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Medical IT changes China's healthcare landscape
  • By Song Soo-youn
  • Published 2019.05.16 16:33
  • Updated 2019.05.16 16:33
  • comments 0

The advancement of information and technology (IT) is quickly changing the scenes of university hospitals in China where patients used to hire part-timers to queue in a long line to see a doctor.

As mobile healthcare and digital medicine made it easier for Chinese patients to visit a hospital, gone are the days when hospitals looked like a street market. Many hospitals got rid of reception counters, and patients receive treatment only at a hospital.

It has been a long time since university hospitals in China started to streamline functions unnecessary for patient care.

Chinese patients used to wait in the lobby for a long time at a university hospital to see a doctor. (Credit: Lee Sang-gyu, a professor at the Hospital Management Department of Yonsei University’s Graduate School of Public Health)

People who have seen Chinese medical institutions actively using IT to magnify efficiency say Korea is already lagging behind China in IT in the medical sector.

Lee Sang-gyu, a professor at the Hospital Management Department of Yonsei University’s Graduate School of Public Health, is one of them. Lee joined the Yonsei University Health System’s project of establishing Qingdao-Severance Hospital in the initial stage. He visited China scores of times to observe several medical institutions from 2014 to August 2018.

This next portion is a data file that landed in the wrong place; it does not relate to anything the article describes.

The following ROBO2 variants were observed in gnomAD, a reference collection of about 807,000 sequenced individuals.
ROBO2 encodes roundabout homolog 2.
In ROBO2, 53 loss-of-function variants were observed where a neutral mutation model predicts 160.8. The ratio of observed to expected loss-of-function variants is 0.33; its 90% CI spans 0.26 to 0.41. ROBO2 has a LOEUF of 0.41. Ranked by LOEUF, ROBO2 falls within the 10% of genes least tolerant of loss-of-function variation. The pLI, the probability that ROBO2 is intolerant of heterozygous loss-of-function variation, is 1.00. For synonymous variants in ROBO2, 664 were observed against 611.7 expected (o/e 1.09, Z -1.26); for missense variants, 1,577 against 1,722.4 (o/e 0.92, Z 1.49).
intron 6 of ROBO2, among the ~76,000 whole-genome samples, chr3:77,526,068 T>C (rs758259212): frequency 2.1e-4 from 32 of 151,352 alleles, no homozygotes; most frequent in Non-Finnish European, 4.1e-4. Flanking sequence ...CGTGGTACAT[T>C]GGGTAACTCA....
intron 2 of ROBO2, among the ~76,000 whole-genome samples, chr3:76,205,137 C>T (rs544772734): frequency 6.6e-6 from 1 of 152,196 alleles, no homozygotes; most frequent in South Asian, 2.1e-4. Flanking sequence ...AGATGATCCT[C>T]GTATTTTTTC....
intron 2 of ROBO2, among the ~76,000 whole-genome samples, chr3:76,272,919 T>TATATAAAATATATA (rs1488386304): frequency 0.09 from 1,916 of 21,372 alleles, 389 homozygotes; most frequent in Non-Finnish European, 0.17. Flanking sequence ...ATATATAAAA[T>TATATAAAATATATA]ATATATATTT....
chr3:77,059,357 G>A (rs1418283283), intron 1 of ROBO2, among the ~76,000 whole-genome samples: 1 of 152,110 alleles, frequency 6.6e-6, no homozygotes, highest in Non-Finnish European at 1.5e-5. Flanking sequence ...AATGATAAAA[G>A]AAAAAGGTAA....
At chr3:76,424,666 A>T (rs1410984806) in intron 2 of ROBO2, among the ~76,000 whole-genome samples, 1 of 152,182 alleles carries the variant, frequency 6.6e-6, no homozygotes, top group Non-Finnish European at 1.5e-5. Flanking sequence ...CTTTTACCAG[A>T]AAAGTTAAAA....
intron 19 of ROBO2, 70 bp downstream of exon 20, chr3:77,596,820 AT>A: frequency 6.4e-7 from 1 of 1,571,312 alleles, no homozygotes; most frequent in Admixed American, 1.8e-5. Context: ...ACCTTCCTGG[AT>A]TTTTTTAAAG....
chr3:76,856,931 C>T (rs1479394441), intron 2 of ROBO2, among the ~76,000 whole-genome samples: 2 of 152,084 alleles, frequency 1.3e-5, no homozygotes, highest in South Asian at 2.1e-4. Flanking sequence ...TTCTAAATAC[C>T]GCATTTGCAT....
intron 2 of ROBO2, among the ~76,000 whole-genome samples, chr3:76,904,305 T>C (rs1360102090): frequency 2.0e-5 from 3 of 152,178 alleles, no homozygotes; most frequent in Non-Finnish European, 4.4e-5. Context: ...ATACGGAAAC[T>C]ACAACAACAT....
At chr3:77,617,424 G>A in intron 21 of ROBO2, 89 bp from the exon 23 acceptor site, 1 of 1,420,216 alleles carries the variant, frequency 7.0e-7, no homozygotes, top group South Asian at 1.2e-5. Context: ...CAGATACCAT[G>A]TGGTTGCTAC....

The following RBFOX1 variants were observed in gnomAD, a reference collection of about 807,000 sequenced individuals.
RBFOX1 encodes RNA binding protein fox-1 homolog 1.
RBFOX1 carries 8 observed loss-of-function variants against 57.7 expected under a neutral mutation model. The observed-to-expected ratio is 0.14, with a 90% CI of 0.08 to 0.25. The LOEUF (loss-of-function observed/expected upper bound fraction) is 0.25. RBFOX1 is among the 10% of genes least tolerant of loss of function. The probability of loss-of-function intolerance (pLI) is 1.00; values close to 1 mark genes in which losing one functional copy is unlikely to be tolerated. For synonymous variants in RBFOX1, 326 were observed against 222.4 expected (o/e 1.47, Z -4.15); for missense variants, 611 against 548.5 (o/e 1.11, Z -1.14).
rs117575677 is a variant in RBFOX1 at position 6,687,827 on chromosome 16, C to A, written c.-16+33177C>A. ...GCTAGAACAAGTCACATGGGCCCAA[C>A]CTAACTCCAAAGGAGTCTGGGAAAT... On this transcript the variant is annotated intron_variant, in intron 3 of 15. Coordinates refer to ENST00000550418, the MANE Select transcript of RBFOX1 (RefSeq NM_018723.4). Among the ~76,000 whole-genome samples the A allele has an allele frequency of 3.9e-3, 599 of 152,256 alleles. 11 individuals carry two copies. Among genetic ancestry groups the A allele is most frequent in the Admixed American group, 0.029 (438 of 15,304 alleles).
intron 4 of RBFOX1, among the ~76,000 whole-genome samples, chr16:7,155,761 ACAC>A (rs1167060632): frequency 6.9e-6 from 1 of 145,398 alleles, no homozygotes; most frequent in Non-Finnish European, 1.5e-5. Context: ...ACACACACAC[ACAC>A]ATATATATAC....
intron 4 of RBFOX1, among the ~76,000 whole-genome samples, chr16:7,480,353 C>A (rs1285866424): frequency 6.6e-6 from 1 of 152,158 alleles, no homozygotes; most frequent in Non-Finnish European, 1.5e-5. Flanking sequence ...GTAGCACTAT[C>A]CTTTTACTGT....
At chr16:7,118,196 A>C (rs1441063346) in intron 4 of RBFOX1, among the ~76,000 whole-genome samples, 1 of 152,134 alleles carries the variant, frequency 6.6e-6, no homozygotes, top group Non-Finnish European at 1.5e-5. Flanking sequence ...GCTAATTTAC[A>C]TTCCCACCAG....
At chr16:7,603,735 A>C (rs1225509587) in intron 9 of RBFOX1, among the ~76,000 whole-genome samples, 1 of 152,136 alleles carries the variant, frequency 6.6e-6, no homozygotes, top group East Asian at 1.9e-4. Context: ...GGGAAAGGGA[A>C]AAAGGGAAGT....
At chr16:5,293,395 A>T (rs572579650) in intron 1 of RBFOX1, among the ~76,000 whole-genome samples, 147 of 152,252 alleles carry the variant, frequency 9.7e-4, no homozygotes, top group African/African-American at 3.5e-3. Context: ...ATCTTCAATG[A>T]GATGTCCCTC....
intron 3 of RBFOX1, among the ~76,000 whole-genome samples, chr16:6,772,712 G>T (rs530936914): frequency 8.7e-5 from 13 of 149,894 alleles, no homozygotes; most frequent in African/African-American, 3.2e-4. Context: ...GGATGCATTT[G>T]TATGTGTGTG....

In a recent interview with Korea Biomedical Review, Lee shared how fast Chinese IT in medicine was advancing, taking an example of the Second Affiliated Hospital of Zhejiang University College of Medicine in Hangzhou, China.

Chinese university hospital abandons reception counter

The hospital at Zhejiang University Lee witnessed several years ago was densely crowded with patients waiting to see a doctor. When he got back in 2016, however, the hospital was relatively slow. There was no long line of patients who used to fill the entire first floor. There was no reception counter, either.

The change came with Alibaba’s introduction of “Future Hospital” system the Chinese tech giant developed in May 2014. The system provides some functions on the mobile.

A patient makes a reservation at a hospital via Future Hospital mobile application and visits the hospital at the appointment time. This means that patients do not have to get a number at the reception and wait for the name to be called. When a patient arrives in the hospital, the system notifies it to the corresponding department and provides the patient with directions.

After seeing a doctor, the patient does not have to wait to pay. He or she can make the payment via mobile phone and checks the result of an examination. Drugs prescribed by the doctor will be delivered to the patient’s home through an app called “Ali Health.” The hospital deals with patient care only.

Alibaba’s Future Hospital app also recommends a desirable department and a specialist depending on symptoms.